We Know You Remember: A Novel by Tove Alsterdal

Author:  Tove Alsterdal
Translator: Alice Menzies

The cover to We Know You Remember: A Novel by Tove AlsterdalNew York. HarperCollins. 2021. 356 pages.

WE KNOW YOU REMEMBER is the second novel by Swedish writer Tove Alsterdal to be translated into English. Three other novels have been translated into Dutch, German, Italian, Spanish, Polish, and Greek, so perhaps more of her work will appear in English now that it has been read-tested.

Alsterdal’s first novel in English, The Forgotten Dead (2017), featured a New York set designer who travels to Europe in search of her missing husband. He was working on a story about undocumented immigrants in France. The wife doggedly pursues leads, making the missteps one expects of an amateur. Her resolve and stamina are tested repeatedly. Separate plot threads join for a rather unusual conclusion.

This new novel is a police procedural, set in the small town and rural geography of northern Sweden. On impulse, a middle-aged man stops by his homeplace, which he has not visited for over twenty years. He finds his father dead, murdered in the bath, the water still running. He is immediately detained until his movements on the day of the murder are confirmed. Although he is cleared, people remember that as a minor, he had confessed to a rape and murder. Once he is released, he takes up residence in the house, unsettling his neighbors.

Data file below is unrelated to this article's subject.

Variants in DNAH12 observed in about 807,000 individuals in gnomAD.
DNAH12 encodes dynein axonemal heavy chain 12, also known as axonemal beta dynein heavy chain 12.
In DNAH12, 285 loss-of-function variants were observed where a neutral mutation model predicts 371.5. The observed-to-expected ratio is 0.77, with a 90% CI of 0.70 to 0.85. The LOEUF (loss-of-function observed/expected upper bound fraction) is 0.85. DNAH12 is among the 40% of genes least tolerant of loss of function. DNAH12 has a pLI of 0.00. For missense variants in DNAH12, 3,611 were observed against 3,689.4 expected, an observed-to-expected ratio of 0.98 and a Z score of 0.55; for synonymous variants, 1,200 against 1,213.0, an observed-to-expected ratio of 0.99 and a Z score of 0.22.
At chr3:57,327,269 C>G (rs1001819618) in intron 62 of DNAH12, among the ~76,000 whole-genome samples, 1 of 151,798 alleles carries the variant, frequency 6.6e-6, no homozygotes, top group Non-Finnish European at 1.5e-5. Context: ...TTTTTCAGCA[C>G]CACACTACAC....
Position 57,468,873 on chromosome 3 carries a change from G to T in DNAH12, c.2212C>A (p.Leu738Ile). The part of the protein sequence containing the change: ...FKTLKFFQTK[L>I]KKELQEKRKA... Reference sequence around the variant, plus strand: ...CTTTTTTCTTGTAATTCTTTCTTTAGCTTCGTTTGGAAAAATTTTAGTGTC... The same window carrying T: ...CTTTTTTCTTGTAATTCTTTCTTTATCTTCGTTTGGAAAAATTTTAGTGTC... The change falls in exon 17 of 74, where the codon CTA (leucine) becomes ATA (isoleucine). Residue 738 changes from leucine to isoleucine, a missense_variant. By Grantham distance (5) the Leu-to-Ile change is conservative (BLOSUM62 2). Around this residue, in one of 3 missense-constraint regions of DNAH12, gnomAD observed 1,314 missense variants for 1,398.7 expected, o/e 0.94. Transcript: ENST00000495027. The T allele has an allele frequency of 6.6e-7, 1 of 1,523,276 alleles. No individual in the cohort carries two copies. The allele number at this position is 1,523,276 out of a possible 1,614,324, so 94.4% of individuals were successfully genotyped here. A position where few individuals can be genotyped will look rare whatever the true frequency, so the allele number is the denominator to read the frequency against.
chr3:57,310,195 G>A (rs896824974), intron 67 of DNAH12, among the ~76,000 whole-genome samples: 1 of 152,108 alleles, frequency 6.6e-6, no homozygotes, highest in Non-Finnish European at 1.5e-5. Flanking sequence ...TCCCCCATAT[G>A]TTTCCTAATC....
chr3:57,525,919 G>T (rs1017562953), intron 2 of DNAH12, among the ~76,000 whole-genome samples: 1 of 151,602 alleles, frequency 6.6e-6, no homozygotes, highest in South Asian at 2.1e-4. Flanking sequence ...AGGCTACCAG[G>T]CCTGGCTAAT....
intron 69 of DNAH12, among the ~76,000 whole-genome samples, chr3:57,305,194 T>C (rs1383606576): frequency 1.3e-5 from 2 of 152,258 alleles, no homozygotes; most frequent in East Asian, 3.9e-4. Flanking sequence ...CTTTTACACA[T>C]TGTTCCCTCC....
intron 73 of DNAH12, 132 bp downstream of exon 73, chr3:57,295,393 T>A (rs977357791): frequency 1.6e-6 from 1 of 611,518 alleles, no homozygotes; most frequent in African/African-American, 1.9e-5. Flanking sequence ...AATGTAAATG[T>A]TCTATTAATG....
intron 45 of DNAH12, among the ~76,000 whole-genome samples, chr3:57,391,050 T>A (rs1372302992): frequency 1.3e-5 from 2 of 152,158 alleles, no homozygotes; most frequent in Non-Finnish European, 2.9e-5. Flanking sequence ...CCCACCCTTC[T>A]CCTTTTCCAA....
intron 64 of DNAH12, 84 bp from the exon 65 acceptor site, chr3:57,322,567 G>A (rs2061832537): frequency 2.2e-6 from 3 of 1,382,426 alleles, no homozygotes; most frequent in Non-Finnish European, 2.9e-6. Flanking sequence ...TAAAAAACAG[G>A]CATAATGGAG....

Thus begins the slow process of an investigation without immediate leads. Featured is a midcareer policewoman, native to the area. The victim was reclusive, so initial interviews build a history of work and social acquaintances, rather than recent interactions. The son is kept in the picture by chapters that depict his point of view, as he lives in the house and takes walks to the lake where his crime supposedly occurred. He remembers pieces of what happened, which don’t quite accord with his earlier confession.

More crimes occur, and each solution opens up a new investigation. New admissions and discoveries uncomfortably point to the detective’s own friends and family. Alsterdal manages the chapter and plot momentum quite well, showing skills developed early on as a book editor.

Unlike many Scandinavian crime novelists, Tove Alsterdal is not concerned here with clever killers from the upper middle class. Nor does the novel target the political system or the police. The crimes involve folks in a declining but beautiful rural area, among the thoughtless young and those who will cover for them—remembering what they concealed.

W. M. Hagen
Oklahoma Baptist University

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